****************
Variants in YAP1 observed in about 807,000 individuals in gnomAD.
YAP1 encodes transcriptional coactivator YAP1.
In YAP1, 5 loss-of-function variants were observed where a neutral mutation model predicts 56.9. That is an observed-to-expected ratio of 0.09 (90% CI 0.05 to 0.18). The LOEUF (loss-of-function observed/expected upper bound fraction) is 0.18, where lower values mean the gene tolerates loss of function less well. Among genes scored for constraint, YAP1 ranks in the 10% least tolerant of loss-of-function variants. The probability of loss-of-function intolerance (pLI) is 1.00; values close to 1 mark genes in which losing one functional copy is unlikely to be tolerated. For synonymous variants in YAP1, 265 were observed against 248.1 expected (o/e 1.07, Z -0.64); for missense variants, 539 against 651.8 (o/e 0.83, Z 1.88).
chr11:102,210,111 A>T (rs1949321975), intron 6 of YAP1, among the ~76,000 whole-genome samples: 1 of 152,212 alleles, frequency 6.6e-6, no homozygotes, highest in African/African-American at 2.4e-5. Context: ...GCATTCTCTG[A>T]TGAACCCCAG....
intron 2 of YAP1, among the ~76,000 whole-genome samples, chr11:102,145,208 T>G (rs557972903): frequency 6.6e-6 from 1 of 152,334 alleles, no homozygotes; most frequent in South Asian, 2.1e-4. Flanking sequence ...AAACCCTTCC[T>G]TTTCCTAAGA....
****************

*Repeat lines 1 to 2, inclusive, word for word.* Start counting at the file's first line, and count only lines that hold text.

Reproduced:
Variants in YAP1 observed in about 807,000 individuals in gnomAD.
YAP1 encodes transcriptional coactivator YAP1.